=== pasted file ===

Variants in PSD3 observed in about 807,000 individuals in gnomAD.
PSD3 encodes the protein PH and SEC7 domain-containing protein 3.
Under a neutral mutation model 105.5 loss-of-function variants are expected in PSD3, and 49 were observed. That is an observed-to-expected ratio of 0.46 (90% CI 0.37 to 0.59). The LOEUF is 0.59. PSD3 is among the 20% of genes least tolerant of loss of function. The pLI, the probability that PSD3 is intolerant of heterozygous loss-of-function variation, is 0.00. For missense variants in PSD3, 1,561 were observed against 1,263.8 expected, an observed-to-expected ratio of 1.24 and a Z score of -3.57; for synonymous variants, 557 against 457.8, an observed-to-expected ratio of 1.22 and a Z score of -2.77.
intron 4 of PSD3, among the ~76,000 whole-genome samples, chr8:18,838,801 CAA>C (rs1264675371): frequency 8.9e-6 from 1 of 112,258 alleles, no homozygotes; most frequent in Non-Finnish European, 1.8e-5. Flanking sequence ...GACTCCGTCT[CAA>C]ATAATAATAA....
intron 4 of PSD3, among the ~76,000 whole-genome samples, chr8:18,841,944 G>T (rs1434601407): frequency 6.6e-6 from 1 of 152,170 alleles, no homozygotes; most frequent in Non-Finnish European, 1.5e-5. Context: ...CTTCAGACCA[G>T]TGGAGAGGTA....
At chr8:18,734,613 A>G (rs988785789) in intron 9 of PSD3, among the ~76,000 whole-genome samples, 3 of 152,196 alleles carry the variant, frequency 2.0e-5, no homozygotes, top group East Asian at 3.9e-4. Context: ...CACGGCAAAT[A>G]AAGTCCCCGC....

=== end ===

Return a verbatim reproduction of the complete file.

Variants in PSD3 observed in about 807,000 individuals in gnomAD.
PSD3 encodes the protein PH and SEC7 domain-containing protein 3.
Under a neutral mutation model 105.5 loss-of-function variants are expected in PSD3, and 49 were observed. That is an observed-to-expected ratio of 0.46 (90% CI 0.37 to 0.59). The LOEUF is 0.59. PSD3 is among the 20% of genes least tolerant of loss of function. The pLI, the probability that PSD3 is intolerant of heterozygous loss-of-function variation, is 0.00. For missense variants in PSD3, 1,561 were observed against 1,263.8 expected, an observed-to-expected ratio of 1.24 and a Z score of -3.57; for synonymous variants, 557 against 457.8, an observed-to-expected ratio of 1.22 and a Z score of -2.77.
intron 4 of PSD3, among the ~76,000 whole-genome samples, chr8:18,838,801 CAA>C (rs1264675371): frequency 8.9e-6 from 1 of 112,258 alleles, no homozygotes; most frequent in Non-Finnish European, 1.8e-5. Flanking sequence ...GACTCCGTCT[CAA>C]ATAATAATAA....
intron 4 of PSD3, among the ~76,000 whole-genome samples, chr8:18,841,944 G>T (rs1434601407): frequency 6.6e-6 from 1 of 152,170 alleles, no homozygotes; most frequent in Non-Finnish European, 1.5e-5. Context: ...CTTCAGACCA[G>T]TGGAGAGGTA....
At chr8:18,734,613 A>G (rs988785789) in intron 9 of PSD3, among the ~76,000 whole-genome samples, 3 of 152,196 alleles carry the variant, frequency 2.0e-5, no homozygotes, top group East Asian at 3.9e-4. Context: ...CACGGCAAAT[A>G]AAGTCCCCGC....